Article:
Between the Covers 28/04/2013

Your weekly guide to what's really going on in the world of books

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The Independent Culture

There were just 15 days between the death of Baroness Thatcher and the first instalment of Charles Moore's authorised biography being launched. Moore, former editor of The Daily Telegraph, was commissioned to write it in 1997 but promised not to print it until after her death. Nonetheless, publishers at Allen Lane thought that they would have a little longer. "We had thought the funeral would have been a few days later to give us more time," said one of the production team, still wiping the sweat from her brow. That the launch fell on 23 April, St George's Day and Shakespeare's birthday, was also an accident. This is the first of two instalments. And will the next volume, covering the post-Falklands era, be out in time for Christmas? The Allen Lane staffer blanched. "Next year, I hope."


Between the Covers is supportive of critics who are willing to put their money where their mouths are, so it is with a sense of great expectation that we announce the latest venture from the beer reviewer Pete Brown. The author of books including Hops and Glory: One Man's Search for the Beer that Built the British Empire and the recent Shakespeare's Local: Six Centuries of History Seen Through One Extraordinary Pub is about to launch a beer of his own called Dissolution – an abbey-style Belgian dubbel. The enterprise sees Brains brewery collaborate with several beer writers to produce a range of beers. "I've not tasted it yet but the brewer has and he says it's absolutely amazing," Brown tells the IoS, "so I'm really looking forward to having a go on it." So are we.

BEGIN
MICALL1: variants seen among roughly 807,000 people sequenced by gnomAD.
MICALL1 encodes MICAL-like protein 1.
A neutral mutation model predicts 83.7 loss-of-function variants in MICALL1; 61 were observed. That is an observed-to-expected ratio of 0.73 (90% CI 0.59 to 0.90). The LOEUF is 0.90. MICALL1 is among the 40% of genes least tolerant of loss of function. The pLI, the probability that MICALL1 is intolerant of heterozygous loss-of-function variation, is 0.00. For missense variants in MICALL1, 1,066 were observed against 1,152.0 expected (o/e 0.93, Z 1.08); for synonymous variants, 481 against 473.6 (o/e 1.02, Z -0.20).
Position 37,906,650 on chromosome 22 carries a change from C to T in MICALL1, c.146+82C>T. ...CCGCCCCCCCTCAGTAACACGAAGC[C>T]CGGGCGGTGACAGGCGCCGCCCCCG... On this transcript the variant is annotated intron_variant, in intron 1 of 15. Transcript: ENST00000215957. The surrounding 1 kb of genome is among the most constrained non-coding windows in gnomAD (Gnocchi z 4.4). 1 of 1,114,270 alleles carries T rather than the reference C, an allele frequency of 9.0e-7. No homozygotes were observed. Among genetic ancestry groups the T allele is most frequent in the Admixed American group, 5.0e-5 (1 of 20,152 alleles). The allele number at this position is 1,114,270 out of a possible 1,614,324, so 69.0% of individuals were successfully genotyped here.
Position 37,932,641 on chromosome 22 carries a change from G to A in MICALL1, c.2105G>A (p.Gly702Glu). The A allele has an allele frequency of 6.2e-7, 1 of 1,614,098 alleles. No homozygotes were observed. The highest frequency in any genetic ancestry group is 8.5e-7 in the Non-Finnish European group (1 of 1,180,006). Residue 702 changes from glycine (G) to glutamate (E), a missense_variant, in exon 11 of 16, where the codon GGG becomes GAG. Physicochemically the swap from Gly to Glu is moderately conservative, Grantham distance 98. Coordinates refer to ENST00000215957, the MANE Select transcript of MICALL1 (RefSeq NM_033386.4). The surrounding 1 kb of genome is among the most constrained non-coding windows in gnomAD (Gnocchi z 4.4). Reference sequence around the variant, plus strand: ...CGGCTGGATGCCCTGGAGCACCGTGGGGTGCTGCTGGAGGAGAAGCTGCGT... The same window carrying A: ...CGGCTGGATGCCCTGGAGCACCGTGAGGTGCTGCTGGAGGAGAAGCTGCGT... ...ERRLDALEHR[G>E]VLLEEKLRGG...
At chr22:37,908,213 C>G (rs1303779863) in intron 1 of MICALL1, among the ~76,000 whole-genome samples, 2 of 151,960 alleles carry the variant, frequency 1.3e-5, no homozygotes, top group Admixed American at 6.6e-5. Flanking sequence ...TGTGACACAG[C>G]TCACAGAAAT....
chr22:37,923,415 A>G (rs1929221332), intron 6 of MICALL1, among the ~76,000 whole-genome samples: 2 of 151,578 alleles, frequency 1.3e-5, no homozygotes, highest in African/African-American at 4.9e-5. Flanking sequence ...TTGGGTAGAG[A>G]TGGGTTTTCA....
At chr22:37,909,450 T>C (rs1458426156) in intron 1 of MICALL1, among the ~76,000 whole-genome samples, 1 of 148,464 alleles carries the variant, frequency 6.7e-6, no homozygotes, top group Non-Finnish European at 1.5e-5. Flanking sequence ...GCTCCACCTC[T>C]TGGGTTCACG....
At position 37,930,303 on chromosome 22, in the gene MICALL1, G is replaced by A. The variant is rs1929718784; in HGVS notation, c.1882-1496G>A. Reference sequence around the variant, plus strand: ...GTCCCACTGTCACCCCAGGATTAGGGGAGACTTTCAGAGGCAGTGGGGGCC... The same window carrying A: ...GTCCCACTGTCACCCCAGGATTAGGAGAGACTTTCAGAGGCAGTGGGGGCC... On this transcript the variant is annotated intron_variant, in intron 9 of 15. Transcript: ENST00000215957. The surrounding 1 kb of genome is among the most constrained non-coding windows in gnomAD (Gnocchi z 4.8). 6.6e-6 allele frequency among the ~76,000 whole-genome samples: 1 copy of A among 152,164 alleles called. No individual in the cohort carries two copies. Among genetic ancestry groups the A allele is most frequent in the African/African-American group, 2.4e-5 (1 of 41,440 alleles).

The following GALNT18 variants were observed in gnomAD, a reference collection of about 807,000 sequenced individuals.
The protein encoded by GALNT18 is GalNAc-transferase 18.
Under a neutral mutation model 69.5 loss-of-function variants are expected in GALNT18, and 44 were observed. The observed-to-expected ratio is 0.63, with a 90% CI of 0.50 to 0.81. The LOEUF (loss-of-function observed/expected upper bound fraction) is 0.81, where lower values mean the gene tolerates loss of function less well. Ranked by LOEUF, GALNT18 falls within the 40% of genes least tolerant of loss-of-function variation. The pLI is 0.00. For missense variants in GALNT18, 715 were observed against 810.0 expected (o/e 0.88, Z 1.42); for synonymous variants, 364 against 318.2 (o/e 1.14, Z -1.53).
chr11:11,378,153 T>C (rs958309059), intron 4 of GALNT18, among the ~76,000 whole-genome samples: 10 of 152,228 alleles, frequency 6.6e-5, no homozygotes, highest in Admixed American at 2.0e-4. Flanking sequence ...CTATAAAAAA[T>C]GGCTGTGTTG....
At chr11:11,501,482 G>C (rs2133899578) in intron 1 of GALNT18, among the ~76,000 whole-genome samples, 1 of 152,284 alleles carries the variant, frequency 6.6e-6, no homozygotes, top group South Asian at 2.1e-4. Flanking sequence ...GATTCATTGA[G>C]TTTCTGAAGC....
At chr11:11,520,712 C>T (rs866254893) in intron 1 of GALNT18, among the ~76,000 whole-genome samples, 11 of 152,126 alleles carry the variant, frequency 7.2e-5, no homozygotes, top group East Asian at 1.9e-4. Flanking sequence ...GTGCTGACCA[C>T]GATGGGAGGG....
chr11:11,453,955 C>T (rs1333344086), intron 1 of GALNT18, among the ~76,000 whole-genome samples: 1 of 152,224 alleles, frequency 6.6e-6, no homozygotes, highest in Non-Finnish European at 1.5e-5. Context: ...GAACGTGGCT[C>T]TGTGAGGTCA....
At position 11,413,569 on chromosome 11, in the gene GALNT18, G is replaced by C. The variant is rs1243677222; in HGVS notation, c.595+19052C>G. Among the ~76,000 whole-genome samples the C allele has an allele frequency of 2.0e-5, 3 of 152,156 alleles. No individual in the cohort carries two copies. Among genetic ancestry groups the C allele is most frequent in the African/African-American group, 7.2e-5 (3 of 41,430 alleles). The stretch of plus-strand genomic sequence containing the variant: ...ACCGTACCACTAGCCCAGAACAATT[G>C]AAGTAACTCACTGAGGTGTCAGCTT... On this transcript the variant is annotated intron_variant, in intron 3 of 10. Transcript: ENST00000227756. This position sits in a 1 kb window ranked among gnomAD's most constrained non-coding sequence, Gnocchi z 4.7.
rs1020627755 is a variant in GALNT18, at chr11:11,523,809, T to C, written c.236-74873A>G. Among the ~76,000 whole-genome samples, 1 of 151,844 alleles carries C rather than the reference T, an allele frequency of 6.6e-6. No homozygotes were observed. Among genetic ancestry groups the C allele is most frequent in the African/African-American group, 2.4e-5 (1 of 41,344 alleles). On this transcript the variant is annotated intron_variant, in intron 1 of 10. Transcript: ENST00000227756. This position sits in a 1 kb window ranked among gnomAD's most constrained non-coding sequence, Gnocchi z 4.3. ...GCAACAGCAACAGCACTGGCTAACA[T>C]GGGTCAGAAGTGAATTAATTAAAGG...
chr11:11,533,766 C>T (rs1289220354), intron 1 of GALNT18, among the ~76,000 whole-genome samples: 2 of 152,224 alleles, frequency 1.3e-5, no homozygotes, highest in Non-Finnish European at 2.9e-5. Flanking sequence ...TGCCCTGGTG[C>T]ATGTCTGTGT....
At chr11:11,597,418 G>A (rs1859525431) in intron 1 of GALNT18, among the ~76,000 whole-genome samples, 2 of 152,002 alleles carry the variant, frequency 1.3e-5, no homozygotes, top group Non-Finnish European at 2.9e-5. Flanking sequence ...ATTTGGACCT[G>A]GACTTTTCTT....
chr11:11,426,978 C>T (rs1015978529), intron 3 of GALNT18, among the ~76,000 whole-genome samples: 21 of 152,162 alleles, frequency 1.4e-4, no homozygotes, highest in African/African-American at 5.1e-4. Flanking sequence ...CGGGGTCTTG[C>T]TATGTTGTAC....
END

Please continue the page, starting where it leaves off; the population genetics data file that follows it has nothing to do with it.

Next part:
The Astronomer Royal Martin Rees is to chair a "dream team" of judges for the 2013 Samuel Johnson Prize, including Mary Beard, Shami Chakrabarti, Peter Hennessy, and the writer and reviewer James McConnachie. "I'm delighted and honoured to be chairing such a distinguished panel," says Rees. Last week he told The Independent on Sunday that by the end of the 21st century tiny flotillas of robotic space exploration craft will map the Solar System. In the meantime, however, he is "looking forward to reading some brilliant books".


Piffle to those who say that children's education is being dumbed down. This spring sees the launch of a collection of "BabyLit" from Gibbs Smith publishing which includes a numbers book for babies and toddlers based on Pride and Prejudice, a weather primer that uses Wuthering Heights, counting books based on Dracula, Jane Eyre and Romeo and Juliet, a colours picture book of Alice in Wonderland (white rabbit; black shoes; purple bottle …) and a book about opposites based on Sense and Sensibility (Norland Park is BIG whereas Barton Cottage is LITTLE, and so on). Each hardback book costs £5.99 and is "capable of withstanding the robust teeth" of toddlers and children. Gibbs Smith also sells beautiful canvas book bags showing literary images. Although canvas book bags are Between the Covers' obsession, no bags changed hands during the pitching and research of this story. Only books. Which are also very nice.